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Mother filed a contribution petition under the Illinois Marriage and Dissolution of Marriage Act, 750 ILCS 5/513(a), requesting that Father be ordered to pay an equitable share of their daughter's college costs. The two were never married; although their 1997 agreed order addressed child-related issues, it was silent on college expenses. Father had the financial ability to pay but objected to paying because he had not been involved in the college selection process. The court stated: “People that are married ... have no obligation at all to pay for their children’s college education. Because of that, people who are married have input into where their children go to school. … The legislature has taken away that choice from people who are not married. The court ordered the parties each to pay 40% of their daughter’s college expenses. Father then challenged section 513 on equal protection grounds. The Illinois Supreme Court had upheld section 513 against an equal protection challenge in its 1978 “Kujawinski” decision. The trial court ultimately declared section 513 unconstitutional as applied, reasoning that Kujawinski's conclusion that section 513 satisfied the rational basis test because children of unmarried parents faced more disadvantages and were less likely to receive financial help with college from their parents than children of married parents was no longer viable. The Illinois Supreme Court vacated. Regardless of the impact of any societal evolution since the Kujawinski decision, that holding remains directly on point; the trial court lacked authority to declare that precedent invalid. View "Yakich v. Aulds" on Justia Law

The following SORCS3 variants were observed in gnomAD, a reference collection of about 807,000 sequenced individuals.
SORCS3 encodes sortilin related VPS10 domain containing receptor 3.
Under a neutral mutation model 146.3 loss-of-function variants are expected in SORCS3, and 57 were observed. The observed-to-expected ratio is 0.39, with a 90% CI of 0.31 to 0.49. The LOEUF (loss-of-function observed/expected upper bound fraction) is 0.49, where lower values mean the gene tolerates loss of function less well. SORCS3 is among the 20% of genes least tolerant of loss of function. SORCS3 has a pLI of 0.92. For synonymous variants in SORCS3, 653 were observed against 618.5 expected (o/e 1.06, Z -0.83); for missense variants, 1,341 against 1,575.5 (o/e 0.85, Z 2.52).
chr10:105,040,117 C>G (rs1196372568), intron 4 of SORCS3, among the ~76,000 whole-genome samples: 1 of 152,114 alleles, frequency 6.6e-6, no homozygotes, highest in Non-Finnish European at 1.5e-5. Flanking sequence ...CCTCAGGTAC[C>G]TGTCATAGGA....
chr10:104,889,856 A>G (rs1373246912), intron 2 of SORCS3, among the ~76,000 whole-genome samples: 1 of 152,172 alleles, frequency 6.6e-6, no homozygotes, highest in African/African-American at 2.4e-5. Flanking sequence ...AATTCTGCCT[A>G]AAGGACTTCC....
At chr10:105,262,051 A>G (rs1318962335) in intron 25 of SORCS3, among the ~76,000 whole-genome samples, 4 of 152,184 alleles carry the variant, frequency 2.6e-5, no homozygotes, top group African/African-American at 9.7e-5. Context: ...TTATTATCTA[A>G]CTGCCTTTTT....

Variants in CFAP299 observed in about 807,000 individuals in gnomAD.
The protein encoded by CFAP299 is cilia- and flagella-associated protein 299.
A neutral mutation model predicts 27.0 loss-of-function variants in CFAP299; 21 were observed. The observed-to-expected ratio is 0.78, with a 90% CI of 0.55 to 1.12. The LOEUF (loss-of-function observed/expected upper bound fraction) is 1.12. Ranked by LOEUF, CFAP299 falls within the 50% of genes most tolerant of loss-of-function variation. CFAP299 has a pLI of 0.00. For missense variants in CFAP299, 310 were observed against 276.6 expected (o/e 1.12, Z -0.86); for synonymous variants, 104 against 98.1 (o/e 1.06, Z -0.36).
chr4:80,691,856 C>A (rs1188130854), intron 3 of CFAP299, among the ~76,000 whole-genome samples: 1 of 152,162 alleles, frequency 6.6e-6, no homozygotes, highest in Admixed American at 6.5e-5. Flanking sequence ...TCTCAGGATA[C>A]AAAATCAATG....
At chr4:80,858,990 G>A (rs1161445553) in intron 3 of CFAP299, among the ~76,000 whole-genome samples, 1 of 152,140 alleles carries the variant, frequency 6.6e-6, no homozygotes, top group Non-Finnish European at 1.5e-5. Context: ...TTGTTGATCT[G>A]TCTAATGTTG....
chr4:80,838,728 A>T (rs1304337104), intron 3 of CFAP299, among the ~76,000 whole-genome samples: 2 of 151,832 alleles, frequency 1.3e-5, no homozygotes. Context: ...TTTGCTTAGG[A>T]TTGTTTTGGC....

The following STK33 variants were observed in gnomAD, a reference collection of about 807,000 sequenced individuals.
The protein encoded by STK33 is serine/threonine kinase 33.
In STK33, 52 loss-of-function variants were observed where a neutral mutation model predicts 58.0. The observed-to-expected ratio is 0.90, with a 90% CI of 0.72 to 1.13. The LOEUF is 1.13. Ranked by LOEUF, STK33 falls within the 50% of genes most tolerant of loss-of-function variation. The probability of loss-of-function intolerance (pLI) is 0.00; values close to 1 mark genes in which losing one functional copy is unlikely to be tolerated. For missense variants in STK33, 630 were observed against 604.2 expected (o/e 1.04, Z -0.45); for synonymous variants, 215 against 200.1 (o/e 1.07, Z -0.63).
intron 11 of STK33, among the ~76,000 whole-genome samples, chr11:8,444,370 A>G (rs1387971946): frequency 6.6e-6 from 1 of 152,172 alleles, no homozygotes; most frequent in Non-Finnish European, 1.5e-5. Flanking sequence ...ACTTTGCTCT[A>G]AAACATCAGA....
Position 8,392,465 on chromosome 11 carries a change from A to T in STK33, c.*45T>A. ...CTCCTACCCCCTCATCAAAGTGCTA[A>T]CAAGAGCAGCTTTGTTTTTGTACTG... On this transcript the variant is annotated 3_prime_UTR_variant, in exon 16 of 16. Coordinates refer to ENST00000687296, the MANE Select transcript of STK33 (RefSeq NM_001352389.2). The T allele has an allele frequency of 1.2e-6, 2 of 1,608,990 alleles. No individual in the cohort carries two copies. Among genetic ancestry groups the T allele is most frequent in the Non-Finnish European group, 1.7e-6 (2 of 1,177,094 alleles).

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Defendant and Matthew lived together along with her children and shared an iCloud account. Matthew was aware of this data-sharing arrangement but did not disable it. Text messages between Matthew and the victim, who was a neighbor, appeared on defendant’s iPad. Some of the text messages included nude photographs of the victim. Matthew and the victim were aware that defendant had received the pictures and text messages. Defendant and Matthew broke up. Defendant wrote a letter detailing her version of the break-up and attached four of the naked pictures of the victim and copies of the text messages. Matthew’s cousin received the letter and informed Matthew., Matthew contacted the police. The victim stated that the pictures were private and only intended for Matthew but acknowledged that she was aware that Matthew had shared an iCloud account with defendant. Defendant was charged with nonconsensual dissemination of private sexual images, 720 ILCS 5/11-23.5(b). The circuit court found section 11-23.5(b) an unconstitutional content-based restriction. The Illinois Supreme Court reversed. The court declined to find “revenge porn” categorically exempt from First Amendment protection, concluded that the statute is a content-neutral time, place, and manner restriction, and applied intermediate scrutiny. Stating that First Amendment protections are less rigorous where matters of purely private significance are at issue, the court found that the statute serves a substantial governmental interest in protecting individual privacy rights and does not burden substantially more speech than necessary. View "People v. Austin" on Justia Law